Distracted employees are walking into glass walls in Apple's new headquarters

Apple Campus

Apple got a painful reminder that design and safety aren't friends

And yet, after all that effort, even while Apple Park is undoubtedly an impressive neo-futurist structure, it does have this comical flaw.

"While it is a technical marvel to make glass at this scale, that's not the achievement", Jony Ive told Wired after the opening a year ago.

The campus in Cupertino, named for its extraterrestrial-style design, also has 45-foot high curved glass windows surrounding the entire building.

Apple's new 175-acre headquarters, centred on a glass ring which hosts 12,000 staff, has become an architectural fascination since the first designs were unveiled seven years ago. And according to a new report from Bloomberg, the glass is so flawless and unobtrusive that employees keep walking into it. Bloomberg reports that some employees who might not have been paying 100% attention to where they are walking have accidentally walked into the clear glass internal walls of the pods that make up Apple Park.

It's hard to imagine a more metaphor-packed scenario than Apple's products distracting its employees as they weave through a perfectly designed office and bang their faces into glass walls.

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Although the campus opened last September for the 10th anniversary iPhone introduction, it was done under a temporary occupancy permit, and Apple employees just started moving in last month. However, the notes were removed because they detracted from the building's design, the people said.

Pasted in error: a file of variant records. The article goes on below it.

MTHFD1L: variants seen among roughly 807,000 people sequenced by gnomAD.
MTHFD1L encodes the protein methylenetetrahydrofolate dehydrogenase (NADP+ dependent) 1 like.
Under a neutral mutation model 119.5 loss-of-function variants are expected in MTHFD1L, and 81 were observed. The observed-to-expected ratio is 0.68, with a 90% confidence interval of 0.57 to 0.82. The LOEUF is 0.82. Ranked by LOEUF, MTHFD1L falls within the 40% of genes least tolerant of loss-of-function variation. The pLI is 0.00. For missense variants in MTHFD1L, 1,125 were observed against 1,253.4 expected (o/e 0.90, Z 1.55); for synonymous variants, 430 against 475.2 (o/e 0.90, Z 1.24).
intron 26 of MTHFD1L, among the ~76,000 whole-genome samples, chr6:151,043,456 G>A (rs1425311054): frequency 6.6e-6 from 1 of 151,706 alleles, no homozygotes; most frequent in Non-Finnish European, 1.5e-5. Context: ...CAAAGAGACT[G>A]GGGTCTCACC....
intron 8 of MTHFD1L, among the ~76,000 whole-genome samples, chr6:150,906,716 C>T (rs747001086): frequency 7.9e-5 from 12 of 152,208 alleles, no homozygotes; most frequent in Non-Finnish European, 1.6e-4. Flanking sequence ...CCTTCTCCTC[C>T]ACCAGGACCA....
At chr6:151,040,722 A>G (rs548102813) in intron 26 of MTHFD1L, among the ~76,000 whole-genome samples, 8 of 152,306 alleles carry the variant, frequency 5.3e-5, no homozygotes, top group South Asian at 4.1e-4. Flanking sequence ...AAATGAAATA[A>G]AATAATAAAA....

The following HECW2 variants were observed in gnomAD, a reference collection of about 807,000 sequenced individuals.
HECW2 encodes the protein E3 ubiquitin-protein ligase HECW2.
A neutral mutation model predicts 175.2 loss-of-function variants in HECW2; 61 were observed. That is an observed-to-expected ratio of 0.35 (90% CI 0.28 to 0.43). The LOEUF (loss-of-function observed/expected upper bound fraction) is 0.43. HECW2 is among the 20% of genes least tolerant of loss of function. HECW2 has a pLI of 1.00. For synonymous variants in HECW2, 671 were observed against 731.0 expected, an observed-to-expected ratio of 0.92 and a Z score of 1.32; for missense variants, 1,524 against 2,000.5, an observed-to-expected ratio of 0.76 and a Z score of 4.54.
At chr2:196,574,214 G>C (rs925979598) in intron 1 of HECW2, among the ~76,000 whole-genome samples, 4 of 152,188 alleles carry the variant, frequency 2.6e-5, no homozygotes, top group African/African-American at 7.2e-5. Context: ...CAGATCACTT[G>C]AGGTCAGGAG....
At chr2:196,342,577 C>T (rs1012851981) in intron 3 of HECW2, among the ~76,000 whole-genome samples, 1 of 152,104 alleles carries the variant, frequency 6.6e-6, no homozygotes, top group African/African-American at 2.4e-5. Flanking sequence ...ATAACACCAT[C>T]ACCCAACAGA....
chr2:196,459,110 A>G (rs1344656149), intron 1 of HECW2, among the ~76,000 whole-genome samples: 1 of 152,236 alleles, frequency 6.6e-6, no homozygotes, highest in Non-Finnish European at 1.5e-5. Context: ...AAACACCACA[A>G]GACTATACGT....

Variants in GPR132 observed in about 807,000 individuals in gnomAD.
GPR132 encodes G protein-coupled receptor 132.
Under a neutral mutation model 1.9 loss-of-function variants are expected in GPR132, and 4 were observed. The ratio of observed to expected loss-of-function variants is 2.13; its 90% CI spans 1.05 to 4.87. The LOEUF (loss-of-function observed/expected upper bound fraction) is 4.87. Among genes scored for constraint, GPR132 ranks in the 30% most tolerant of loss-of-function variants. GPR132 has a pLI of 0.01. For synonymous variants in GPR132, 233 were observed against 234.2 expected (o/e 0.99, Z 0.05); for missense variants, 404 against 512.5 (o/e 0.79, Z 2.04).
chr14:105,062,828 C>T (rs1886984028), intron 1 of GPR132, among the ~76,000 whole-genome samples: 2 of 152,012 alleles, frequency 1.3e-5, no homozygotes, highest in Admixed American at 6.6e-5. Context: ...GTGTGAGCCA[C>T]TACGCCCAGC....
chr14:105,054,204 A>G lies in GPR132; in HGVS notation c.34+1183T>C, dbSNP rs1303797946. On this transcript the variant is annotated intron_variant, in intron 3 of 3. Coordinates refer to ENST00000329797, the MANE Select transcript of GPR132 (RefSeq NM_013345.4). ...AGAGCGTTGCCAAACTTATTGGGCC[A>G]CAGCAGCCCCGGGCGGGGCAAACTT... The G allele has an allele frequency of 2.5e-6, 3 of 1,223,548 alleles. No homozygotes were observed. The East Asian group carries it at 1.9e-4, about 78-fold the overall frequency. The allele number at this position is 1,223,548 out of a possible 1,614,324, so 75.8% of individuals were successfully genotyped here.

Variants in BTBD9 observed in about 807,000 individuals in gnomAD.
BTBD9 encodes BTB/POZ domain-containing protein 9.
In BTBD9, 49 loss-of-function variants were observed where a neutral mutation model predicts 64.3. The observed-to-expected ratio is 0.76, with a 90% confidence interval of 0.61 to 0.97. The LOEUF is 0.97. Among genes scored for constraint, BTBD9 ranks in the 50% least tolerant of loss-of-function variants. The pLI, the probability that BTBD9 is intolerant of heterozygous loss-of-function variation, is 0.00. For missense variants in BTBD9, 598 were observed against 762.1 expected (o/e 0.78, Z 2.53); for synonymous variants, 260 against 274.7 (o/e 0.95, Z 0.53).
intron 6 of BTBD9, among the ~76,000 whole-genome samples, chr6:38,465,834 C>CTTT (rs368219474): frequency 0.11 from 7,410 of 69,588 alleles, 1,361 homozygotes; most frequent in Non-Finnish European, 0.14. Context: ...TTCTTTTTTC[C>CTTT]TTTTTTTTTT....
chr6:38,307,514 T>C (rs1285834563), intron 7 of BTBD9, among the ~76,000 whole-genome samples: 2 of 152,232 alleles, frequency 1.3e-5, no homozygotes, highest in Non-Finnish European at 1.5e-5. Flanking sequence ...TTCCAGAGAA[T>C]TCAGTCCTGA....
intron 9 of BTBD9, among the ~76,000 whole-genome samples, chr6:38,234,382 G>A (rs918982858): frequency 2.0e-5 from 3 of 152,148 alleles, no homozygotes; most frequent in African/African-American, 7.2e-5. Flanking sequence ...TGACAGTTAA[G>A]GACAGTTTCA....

Indeed, Apple makes use of visual indicators like that at its One Infinite Loop campus already. For now, don't text and walk, Apple employees. "The achievement is to make a building where so many people can connect and collaborate and walk and talk", Ive told Wired in May. It's not clear how many incidents there have been.

Apple is discovering that sleek architecture doesn't necessarily play nicely with health & safety, after multiple reported cases of Apple Park staff walking into glass doors and windows.

People in glass offices should probably watch where they're going. She sued the company, arguing it should have posted a warning on the glass.

An Apple spokeswoman declined to comment.

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